Government Rejects New Law against Attacking Shopworkers

ACS has expressed disappointment at the Government’s decision not to take forward an amendment to the Police, Crime, Sentencing and Courts Bill that would have introduced a new offence specifically for attacking or abusing a shopworker.

The amendment, put forward at the Committee Stage of the PCSC Bill this week by Shadow Policing Minister Sarah Jones MP, would have ensured that criminals who attack shopworkers face tougher penalties, especially in cases where the shopworker has been attacked whilst enforcing the law, for example on age restricted sales.

However, the Government saw fit to reject the amendment, claiming that existing legislation already sufficiently protects shopworkers and that it was employers, not the justice system, that weren’t supporting victims enough.

ACS chief executive James Lowman said: “We are disappointed that the Government has once again failed to take decisive action to tackle the torrent of violence and abuse faced by shopworkers. The justice system needs to send a clear message that these offences will not be tolerated, and it’s clear that the existing legislation does not go far enough to deter offenders. Retailers and colleagues are committed to reporting incidents wherever possible, and it is most often the lack of follow up action from the justice system that is cited as the main frustration and reason for not reporting, not the internal reporting system within a business.”

Figures from the 2021 ACS Crime Report show that there were over 40,000 violent attacks against people working in convenience stores and 1.1m incidents of theft over the last year, many of which committed by repeat offenders with a drug or alcohol addiction. The report also shows that there have been over 1.2m incidents of abuse over the last year, which often go unreported.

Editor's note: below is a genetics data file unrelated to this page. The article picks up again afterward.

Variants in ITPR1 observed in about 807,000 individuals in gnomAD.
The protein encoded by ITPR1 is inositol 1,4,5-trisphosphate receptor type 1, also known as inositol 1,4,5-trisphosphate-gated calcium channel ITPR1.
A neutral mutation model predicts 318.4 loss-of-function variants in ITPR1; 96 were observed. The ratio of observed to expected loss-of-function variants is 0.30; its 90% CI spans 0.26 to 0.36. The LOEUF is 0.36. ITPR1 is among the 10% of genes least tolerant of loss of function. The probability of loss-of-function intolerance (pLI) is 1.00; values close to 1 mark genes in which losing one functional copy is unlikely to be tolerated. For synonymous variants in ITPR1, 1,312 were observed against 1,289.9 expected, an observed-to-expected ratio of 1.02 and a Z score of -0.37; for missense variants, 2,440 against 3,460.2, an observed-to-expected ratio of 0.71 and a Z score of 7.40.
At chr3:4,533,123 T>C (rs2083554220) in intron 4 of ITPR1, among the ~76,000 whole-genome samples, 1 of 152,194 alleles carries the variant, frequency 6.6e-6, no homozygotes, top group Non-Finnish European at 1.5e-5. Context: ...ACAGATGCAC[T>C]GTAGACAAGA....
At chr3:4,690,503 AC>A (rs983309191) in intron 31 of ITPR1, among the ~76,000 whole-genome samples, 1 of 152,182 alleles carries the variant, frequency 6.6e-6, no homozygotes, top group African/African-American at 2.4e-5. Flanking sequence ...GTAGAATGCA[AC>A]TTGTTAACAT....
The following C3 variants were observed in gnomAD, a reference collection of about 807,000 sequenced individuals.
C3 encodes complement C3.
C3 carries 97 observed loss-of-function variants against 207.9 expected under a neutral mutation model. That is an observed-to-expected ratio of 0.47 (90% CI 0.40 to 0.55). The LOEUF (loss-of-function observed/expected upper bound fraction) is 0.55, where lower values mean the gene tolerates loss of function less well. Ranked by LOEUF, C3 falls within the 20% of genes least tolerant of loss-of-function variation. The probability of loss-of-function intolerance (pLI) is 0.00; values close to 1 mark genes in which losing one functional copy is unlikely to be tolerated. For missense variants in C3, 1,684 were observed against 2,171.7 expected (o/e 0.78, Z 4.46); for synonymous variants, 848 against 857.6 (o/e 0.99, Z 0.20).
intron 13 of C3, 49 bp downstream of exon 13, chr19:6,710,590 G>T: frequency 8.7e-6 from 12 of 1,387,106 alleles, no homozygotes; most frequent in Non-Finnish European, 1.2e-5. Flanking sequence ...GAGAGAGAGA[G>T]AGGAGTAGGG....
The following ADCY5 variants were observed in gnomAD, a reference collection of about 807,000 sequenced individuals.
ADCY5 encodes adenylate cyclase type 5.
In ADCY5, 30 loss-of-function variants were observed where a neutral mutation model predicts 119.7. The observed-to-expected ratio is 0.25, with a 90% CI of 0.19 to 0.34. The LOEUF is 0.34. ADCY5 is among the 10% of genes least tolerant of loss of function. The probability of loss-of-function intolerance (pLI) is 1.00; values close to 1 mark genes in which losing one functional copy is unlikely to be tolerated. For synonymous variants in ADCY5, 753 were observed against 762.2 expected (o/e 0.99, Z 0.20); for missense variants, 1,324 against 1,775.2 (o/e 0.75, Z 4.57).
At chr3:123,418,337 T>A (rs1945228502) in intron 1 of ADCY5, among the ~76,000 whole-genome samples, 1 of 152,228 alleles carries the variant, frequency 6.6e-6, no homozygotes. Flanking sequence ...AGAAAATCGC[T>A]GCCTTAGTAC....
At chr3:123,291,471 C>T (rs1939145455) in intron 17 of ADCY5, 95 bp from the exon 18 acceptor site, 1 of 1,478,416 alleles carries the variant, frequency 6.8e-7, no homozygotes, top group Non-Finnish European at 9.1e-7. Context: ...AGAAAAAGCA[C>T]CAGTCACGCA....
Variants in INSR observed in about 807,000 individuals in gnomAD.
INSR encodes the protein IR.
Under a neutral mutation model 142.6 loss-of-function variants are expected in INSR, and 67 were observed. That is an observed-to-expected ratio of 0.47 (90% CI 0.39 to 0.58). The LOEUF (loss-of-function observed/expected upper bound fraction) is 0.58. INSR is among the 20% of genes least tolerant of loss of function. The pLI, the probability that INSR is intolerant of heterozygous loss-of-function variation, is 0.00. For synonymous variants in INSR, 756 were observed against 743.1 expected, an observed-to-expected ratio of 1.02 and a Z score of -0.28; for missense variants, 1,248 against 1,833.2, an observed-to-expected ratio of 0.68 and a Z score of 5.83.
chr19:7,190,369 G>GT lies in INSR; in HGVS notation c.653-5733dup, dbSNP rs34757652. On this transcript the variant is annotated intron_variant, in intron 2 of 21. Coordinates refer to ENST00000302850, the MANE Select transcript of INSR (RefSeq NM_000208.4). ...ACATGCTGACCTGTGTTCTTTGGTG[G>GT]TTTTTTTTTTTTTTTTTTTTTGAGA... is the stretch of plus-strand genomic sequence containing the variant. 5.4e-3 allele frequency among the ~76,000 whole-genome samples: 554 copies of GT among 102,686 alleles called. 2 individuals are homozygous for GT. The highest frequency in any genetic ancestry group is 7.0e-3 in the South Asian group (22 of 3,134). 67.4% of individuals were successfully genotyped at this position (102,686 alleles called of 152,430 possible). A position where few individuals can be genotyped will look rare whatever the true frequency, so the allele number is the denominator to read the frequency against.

In evidence submitted to the Public Bill Committee on the PCSC Bill earlier this year, ACS has called for the inclusion of the following measures:

  • Introduce tougher penalties for attacks on shopworkers, recognising their role in enforcing the law and supporting their communities
  • Ensure that the new system of cautions is effective in dealing with repeat shop theft offences

ACS has previously worked with the Home Office and Crimestoppers on a campaign to encourage retailers and their colleagues to report incidents of abuse when they occur, and is currently co-ordinating with the Home Office, Crimestoppers and over 100 leading retailers in the UK on the ShopKind campaign, urging consumers to be respectful of others whilst in stores. Campaign materials for retailers are available to download on the NBCC website here.

This entry was posted by Chris on Fri, 25/06/2021 - 08:07